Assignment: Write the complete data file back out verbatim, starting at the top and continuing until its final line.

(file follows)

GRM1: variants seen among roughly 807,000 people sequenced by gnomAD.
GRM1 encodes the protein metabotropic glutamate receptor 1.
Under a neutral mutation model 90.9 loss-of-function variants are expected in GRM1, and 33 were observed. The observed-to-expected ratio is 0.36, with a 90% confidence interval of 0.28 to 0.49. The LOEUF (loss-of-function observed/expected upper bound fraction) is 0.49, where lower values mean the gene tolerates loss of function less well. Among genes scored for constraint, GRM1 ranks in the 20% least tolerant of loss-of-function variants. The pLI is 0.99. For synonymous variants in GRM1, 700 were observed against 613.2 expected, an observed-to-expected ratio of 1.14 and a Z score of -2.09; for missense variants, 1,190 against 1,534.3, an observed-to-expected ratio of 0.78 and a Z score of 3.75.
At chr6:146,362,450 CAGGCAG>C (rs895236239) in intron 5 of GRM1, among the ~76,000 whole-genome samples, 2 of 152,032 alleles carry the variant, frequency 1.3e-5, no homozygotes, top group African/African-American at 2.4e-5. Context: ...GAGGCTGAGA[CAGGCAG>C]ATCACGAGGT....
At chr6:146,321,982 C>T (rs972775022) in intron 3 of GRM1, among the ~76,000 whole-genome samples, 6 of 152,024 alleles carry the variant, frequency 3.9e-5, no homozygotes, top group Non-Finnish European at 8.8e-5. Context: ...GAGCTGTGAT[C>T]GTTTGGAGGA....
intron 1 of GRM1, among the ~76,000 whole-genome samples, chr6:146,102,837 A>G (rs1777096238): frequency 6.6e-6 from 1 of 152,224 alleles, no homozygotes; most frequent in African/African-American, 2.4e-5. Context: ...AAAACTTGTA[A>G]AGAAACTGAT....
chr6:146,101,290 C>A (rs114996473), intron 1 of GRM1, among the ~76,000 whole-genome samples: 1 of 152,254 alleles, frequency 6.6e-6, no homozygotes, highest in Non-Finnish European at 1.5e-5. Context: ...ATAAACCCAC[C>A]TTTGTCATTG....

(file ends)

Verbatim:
GRM1: variants seen among roughly 807,000 people sequenced by gnomAD.
GRM1 encodes the protein metabotropic glutamate receptor 1.
Under a neutral mutation model 90.9 loss-of-function variants are expected in GRM1, and 33 were observed. The observed-to-expected ratio is 0.36, with a 90% confidence interval of 0.28 to 0.49. The LOEUF (loss-of-function observed/expected upper bound fraction) is 0.49, where lower values mean the gene tolerates loss of function less well. Among genes scored for constraint, GRM1 ranks in the 20% least tolerant of loss-of-function variants. The pLI is 0.99. For synonymous variants in GRM1, 700 were observed against 613.2 expected, an observed-to-expected ratio of 1.14 and a Z score of -2.09; for missense variants, 1,190 against 1,534.3, an observed-to-expected ratio of 0.78 and a Z score of 3.75.
At chr6:146,362,450 CAGGCAG>C (rs895236239) in intron 5 of GRM1, among the ~76,000 whole-genome samples, 2 of 152,032 alleles carry the variant, frequency 1.3e-5, no homozygotes, top group African/African-American at 2.4e-5. Context: ...GAGGCTGAGA[CAGGCAG>C]ATCACGAGGT....
At chr6:146,321,982 C>T (rs972775022) in intron 3 of GRM1, among the ~76,000 whole-genome samples, 6 of 152,024 alleles carry the variant, frequency 3.9e-5, no homozygotes, top group Non-Finnish European at 8.8e-5. Context: ...GAGCTGTGAT[C>T]GTTTGGAGGA....
intron 1 of GRM1, among the ~76,000 whole-genome samples, chr6:146,102,837 A>G (rs1777096238): frequency 6.6e-6 from 1 of 152,224 alleles, no homozygotes; most frequent in African/African-American, 2.4e-5. Context: ...AAAACTTGTA[A>G]AGAAACTGAT....
chr6:146,101,290 C>A (rs114996473), intron 1 of GRM1, among the ~76,000 whole-genome samples: 1 of 152,254 alleles, frequency 6.6e-6, no homozygotes, highest in Non-Finnish European at 1.5e-5. Context: ...ATAAACCCAC[C>A]TTTGTCATTG....